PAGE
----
CaltechAUTHORS
  A Caltech Library Service

The von Economo neurons in apes and humans

Allman, John M. and Tetreault, Nicole A. and Hakeem, Atiya Y. and Park, Soyoung (2011) The von Economo neurons in apes and humans. American Journal of Human Biology, 23 (1). pp. 5-21. ISSN 1042-0533. https://resolver.caltech.edu/CaltechAUTHORS:20110124-083835459

Full text is not posted in this repository. Consult Related URLs below.

Use this Persistent URL to link to this item: https://resolver.caltech.edu/CaltechAUTHORS:20110124-083835459

Abstract

The von Economo neurons (VENs) are large bipolar neurons located in frontoinsular (FI) and anterior cingulate cortex (ACC) in great apes and humans but not other primates. We stereologically counted the VENs in FI and the limbic anterior (LA) area of ACC and found them to be more numerous in humans than in apes. In humans, VENs first appear in small numbers in the 36th week postconception are rare at birth and increase in number during the first 8 months after birth. There are significantly more VENs in the right hemisphere than the left in FI and LA in postnatal brains; this may be related to asymmetries in the autonomic nervous system. The activity of the inferior anterior insula, containing FI, is related to physiological changes in the body, decision-making, error recognition, and awareness. In a preliminary diffusion tensor imaging study of the connections of FI, we found that the VEN-containing regions connect with the frontal pole as well as with other parts of frontal and insular cortex, the septum, and the amygdala. The VENs and a related cell population, the fork cells, selectively express the bombesin peptides neuromedin B (NMB) and gastrin releasing pepide, which signal satiety. The loss of VENs and fork cells may be related to the loss of satiety signaling in patients with frontotemporal dementia who have damage to FI. These cells may be morphological specializations of an ancient population of neurons involved in the control of appetite present in the insular cortex in all mammals.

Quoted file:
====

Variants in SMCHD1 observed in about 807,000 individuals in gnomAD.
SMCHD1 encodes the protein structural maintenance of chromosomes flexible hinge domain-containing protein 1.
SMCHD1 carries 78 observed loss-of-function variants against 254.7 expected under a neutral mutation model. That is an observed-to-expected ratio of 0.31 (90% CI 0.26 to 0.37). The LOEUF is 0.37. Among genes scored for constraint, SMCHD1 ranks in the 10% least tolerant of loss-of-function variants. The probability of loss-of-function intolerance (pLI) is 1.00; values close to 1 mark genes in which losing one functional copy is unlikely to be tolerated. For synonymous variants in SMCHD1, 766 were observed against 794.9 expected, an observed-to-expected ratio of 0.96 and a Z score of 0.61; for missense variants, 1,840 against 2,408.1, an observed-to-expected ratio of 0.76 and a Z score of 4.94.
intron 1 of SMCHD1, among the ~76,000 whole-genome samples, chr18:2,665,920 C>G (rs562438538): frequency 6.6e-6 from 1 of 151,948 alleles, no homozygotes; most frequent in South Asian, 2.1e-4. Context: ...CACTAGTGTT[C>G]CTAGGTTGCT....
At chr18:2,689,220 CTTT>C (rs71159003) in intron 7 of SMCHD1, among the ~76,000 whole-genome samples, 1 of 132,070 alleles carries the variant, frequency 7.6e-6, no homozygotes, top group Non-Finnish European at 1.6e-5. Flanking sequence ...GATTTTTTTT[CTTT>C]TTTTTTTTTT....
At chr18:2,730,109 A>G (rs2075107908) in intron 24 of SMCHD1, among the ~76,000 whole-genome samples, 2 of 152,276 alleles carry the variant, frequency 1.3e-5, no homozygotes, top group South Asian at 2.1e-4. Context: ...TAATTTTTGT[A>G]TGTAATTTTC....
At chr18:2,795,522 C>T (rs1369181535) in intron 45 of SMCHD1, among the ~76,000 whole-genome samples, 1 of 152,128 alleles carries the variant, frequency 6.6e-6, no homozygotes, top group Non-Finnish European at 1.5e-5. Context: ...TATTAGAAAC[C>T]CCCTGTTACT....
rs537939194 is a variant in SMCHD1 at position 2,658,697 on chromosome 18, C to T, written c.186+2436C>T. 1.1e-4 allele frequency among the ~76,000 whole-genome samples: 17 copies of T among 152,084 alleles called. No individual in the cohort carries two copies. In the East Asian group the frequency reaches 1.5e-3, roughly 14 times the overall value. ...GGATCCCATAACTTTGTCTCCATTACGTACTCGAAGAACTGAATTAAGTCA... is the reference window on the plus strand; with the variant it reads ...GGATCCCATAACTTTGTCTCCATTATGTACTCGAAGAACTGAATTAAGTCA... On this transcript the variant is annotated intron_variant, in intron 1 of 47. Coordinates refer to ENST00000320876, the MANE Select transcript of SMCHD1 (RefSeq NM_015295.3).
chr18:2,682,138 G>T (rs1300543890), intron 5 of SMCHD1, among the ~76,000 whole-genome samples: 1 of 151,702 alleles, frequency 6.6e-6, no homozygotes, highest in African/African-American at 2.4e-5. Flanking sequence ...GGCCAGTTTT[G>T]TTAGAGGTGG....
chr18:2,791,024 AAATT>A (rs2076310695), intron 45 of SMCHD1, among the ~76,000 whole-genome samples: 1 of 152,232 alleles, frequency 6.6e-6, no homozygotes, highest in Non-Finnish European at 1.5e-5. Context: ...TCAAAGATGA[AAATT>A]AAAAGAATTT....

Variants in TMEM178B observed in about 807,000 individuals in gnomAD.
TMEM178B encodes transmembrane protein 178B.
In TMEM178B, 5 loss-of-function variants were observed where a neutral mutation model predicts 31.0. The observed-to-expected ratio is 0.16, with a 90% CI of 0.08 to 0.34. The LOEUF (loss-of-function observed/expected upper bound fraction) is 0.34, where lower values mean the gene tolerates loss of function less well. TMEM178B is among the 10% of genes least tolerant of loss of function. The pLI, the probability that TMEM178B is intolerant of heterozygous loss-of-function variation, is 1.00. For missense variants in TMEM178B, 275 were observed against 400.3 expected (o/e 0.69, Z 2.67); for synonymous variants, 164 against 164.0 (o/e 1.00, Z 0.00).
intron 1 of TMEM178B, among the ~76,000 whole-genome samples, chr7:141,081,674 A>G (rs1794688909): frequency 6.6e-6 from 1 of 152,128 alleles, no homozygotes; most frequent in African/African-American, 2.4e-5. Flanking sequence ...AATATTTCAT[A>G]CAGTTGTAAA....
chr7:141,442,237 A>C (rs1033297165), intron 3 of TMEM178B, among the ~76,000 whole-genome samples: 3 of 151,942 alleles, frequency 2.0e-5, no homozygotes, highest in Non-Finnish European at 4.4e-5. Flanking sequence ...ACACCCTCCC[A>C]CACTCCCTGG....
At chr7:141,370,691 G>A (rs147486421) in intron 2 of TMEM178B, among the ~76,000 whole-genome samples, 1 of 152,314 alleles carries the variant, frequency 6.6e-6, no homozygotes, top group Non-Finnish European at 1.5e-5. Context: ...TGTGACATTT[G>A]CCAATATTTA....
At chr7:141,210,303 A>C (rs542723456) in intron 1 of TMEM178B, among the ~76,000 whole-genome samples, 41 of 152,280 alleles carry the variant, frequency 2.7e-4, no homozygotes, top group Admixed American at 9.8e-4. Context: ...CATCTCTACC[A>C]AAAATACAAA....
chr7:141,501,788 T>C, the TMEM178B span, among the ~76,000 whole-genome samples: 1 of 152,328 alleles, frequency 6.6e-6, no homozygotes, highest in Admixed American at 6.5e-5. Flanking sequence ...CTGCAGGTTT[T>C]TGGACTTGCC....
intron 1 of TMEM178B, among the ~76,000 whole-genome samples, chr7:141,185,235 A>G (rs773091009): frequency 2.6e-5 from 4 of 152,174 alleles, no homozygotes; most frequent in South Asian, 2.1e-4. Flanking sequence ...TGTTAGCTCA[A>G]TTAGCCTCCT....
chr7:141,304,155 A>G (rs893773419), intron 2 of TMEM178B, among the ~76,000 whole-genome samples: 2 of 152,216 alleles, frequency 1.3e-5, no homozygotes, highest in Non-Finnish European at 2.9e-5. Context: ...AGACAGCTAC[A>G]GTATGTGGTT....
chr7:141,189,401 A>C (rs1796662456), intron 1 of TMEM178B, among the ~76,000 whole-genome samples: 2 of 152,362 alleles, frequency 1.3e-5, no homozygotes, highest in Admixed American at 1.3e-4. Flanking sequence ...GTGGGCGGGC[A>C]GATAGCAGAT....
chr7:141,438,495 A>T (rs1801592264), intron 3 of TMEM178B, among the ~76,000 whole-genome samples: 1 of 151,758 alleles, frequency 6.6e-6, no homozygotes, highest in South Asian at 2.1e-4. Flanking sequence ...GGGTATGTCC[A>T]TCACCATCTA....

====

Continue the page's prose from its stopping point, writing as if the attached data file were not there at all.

Item Type:Article
Related URLs:
URLURL TypeDescription
http://dx.doi.org/10.1002/ajhb.21136 DOIArticle
Additional Information:© 2010 Wiley-Liss, Inc. Manuscript Accepted: 18 Oct. 2010; Manuscript Revised: 15 Oct. 2010; Manuscript Received: 17 Sep. 2010; Article first published online: 7 Dec. 2010. Contract grant sponsors: James S. McDonnell Foundation, David and Lucille Packard Foundation, Simons Foundation, "Comparative Neurobiology of Aging Resource" NIH/NIA; Contract grant number: AG14308. The authors thank Dr. Kebreten Manaye, Dr. Barbara Wold, Dr. Joseph Erwin, Dr. Chet Sherwood, Dr. Bill Seeley, Dr. Patrick Hof, and Dr. A. D. Craig for their invaluable comments and discussion. We thank Dr. Micheal Tyszka and Dr. Jason Kaufman for the MRI imaging of the ape brains. We thank Virginie Goubert for her painstaking preparation of the histological sections of many of the ape brains used in this paper. We thank Dr. Katerina Semendeferi for the use of her brain, which enabled us to expand our sample of ape and human brains. We thank Dr. Kristen Tillisch and Dr. Emeran Mayer for the MRimages for the young adult human subject. We are grateful to Dr. John Morris for his suggestion that the expression of NMB and gastrin releasing peptide in the mouse insular cortex might be related to the VENs. We thank Dr. Heidi Griffith for her help in collecting some of the human stereological data. We thank Archibald Fobbs, curator of the Yakovlev and Welker Brain Collections and Dr. Adrianne Noe, Director, National Museum of Health and Medicine for their crucial role in preserving these collections and making them available to us and to the broader scientific community. In the Hof lab, technical help was provided by B. Wicinski and S. Harry. Several of the great ape brains involved in this study were on loan to the "Great Ape Aging Project" from zoological gardens that are accredited by the Association of Zoos and Aquariums and that participate in the Ape Taxon Advisory Group. We especially appreciate the contribution of zoo veterinarians and staff in collecting and providing specimens. Additional human tissue was obtained from the NICHD Brain and Tissue Bank for Developmental Disorders.
Funders:
Funding AgencyGrant Number
James S. McDonnell FoundationUNSPECIFIED
David and Lucile Packard FoundationUNSPECIFIED
Simons FoundationUNSPECIFIED
NIHAG14308
Issue or Number:1
Record Number:CaltechAUTHORS:20110124-083835459
Persistent URL:https://resolver.caltech.edu/CaltechAUTHORS:20110124-083835459
Official Citation:Allman, J. M., Tetreault, N. A., Hakeem, A. Y. and Park, S. (2011), The von economo neurons in apes and humans. American Journal of Human Biology, 23: 5–21. doi: 10.1002/ajhb.21136
Usage Policy:No commercial reproduction, distribution, display or performance rights in this work are provided.
ID Code:21856
Collection:CaltechAUTHORS
Deposited By: Tony Diaz
Deposited On:04 Feb 2011 00:03
Last Modified:09 Jun 2020 20:00

Repository Staff Only: item control page